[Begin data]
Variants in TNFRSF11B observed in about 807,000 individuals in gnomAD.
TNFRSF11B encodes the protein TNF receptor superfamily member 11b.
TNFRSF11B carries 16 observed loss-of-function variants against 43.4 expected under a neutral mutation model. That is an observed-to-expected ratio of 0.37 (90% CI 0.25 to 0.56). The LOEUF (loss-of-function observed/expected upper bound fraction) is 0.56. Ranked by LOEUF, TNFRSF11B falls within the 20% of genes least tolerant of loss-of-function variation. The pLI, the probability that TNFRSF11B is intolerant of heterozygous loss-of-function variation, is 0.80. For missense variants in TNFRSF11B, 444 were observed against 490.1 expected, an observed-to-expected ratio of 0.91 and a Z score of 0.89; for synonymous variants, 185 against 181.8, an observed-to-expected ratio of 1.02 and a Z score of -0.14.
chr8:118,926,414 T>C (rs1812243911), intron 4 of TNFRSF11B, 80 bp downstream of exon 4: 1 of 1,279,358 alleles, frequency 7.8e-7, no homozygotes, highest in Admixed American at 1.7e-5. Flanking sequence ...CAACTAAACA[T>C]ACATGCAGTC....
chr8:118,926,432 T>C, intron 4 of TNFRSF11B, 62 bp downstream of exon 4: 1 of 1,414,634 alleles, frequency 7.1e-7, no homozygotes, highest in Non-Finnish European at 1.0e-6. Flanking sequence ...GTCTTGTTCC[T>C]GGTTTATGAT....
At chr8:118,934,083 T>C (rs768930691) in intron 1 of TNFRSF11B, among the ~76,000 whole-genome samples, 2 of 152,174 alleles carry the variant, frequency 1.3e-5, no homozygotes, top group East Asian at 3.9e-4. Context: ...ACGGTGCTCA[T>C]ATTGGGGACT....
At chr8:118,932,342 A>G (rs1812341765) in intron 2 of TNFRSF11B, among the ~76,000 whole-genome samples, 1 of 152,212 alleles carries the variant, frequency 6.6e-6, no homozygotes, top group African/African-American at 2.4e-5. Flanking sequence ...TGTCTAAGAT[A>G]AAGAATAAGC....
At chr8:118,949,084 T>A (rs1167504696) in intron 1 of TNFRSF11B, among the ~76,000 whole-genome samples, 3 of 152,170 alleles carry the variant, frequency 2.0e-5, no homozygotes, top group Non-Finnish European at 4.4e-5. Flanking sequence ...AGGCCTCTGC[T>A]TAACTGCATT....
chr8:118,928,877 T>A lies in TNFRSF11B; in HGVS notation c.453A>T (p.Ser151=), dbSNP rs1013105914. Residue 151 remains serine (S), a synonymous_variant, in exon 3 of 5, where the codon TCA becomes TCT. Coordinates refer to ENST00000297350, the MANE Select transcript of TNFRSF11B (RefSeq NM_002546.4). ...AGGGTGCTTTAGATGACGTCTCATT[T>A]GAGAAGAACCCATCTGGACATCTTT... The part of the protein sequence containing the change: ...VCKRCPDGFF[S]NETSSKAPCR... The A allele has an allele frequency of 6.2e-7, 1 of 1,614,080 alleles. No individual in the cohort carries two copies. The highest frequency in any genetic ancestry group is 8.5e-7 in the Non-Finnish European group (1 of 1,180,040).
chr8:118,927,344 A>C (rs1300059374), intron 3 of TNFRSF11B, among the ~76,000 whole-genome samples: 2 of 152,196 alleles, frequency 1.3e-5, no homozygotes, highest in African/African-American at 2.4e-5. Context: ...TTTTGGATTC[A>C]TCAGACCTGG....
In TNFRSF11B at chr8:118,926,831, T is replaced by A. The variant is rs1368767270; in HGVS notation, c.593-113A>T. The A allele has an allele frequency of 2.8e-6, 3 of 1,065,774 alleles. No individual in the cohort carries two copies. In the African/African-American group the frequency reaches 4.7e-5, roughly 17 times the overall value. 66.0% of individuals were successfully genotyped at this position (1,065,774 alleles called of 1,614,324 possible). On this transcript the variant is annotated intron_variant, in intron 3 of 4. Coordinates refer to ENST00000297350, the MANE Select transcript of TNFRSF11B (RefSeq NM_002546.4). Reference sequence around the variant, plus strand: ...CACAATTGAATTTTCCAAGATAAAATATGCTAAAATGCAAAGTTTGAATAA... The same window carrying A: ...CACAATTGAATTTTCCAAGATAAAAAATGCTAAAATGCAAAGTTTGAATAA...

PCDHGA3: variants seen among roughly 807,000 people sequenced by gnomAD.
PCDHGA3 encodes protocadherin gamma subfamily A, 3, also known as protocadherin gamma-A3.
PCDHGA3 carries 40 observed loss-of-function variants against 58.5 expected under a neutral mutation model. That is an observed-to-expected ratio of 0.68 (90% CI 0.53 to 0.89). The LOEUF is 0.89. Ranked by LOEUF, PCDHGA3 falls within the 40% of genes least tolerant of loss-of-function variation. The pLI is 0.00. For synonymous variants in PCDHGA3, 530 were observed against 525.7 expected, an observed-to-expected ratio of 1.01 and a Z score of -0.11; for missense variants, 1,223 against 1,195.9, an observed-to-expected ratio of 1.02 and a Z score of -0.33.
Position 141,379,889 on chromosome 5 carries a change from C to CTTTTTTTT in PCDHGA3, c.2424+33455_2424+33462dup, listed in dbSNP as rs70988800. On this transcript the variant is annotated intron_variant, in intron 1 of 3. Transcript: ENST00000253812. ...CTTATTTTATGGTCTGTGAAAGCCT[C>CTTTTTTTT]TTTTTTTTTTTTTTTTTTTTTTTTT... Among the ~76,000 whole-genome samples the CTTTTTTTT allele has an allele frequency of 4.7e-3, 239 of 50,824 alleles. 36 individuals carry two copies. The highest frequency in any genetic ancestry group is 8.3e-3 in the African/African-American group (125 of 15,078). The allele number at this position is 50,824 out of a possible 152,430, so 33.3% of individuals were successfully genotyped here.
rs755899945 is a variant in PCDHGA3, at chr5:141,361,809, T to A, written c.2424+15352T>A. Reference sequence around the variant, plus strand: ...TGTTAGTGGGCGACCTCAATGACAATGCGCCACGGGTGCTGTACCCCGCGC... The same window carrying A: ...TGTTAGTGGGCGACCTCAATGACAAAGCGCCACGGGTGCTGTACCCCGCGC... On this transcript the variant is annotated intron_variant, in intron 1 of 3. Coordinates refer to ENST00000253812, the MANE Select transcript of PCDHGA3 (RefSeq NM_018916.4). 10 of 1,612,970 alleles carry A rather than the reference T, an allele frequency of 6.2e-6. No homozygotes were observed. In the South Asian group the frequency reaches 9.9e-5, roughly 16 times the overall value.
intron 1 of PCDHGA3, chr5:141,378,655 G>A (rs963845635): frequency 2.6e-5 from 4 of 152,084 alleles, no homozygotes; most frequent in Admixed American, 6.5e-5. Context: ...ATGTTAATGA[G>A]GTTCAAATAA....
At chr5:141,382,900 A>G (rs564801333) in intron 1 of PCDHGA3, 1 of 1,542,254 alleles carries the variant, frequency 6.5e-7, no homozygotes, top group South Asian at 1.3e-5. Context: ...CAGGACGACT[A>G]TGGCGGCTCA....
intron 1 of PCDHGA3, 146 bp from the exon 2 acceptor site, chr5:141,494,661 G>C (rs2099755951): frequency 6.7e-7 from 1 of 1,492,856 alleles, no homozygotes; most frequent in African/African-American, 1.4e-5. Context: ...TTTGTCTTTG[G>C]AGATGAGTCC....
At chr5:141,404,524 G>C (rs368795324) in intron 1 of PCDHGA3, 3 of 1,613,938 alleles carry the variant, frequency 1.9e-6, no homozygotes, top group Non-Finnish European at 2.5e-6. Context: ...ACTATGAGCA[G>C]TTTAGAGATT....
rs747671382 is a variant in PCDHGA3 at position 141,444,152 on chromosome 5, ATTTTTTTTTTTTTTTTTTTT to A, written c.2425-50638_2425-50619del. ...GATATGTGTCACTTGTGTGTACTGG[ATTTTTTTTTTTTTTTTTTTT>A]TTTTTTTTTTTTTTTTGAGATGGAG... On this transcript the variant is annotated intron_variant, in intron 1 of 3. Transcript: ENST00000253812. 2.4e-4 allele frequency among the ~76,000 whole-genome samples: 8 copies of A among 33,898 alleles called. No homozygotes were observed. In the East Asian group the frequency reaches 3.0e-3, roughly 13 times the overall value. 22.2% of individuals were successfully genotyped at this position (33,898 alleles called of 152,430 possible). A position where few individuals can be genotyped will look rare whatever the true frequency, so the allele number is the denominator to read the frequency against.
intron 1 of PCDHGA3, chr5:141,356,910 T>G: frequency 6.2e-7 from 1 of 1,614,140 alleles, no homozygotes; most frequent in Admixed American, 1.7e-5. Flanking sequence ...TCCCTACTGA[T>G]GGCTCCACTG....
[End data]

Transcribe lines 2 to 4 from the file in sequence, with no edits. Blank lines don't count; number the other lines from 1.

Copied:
TNFRSF11B encodes the protein TNF receptor superfamily member 11b.
TNFRSF11B carries 16 observed loss-of-function variants against 43.4 expected under a neutral mutation model. That is an observed-to-expected ratio of 0.37 (90% CI 0.25 to 0.56). The LOEUF (loss-of-function observed/expected upper bound fraction) is 0.56. Ranked by LOEUF, TNFRSF11B falls within the 20% of genes least tolerant of loss-of-function variation. The pLI, the probability that TNFRSF11B is intolerant of heterozygous loss-of-function variation, is 0.80. For missense variants in TNFRSF11B, 444 were observed against 490.1 expected, an observed-to-expected ratio of 0.91 and a Z score of 0.89; for synonymous variants, 185 against 181.8, an observed-to-expected ratio of 1.02 and a Z score of -0.14.
chr8:118,926,414 T>C (rs1812243911), intron 4 of TNFRSF11B, 80 bp downstream of exon 4: 1 of 1,279,358 alleles, frequency 7.8e-7, no homozygotes, highest in Admixed American at 1.7e-5. Flanking sequence ...CAACTAAACA[T>C]ACATGCAGTC....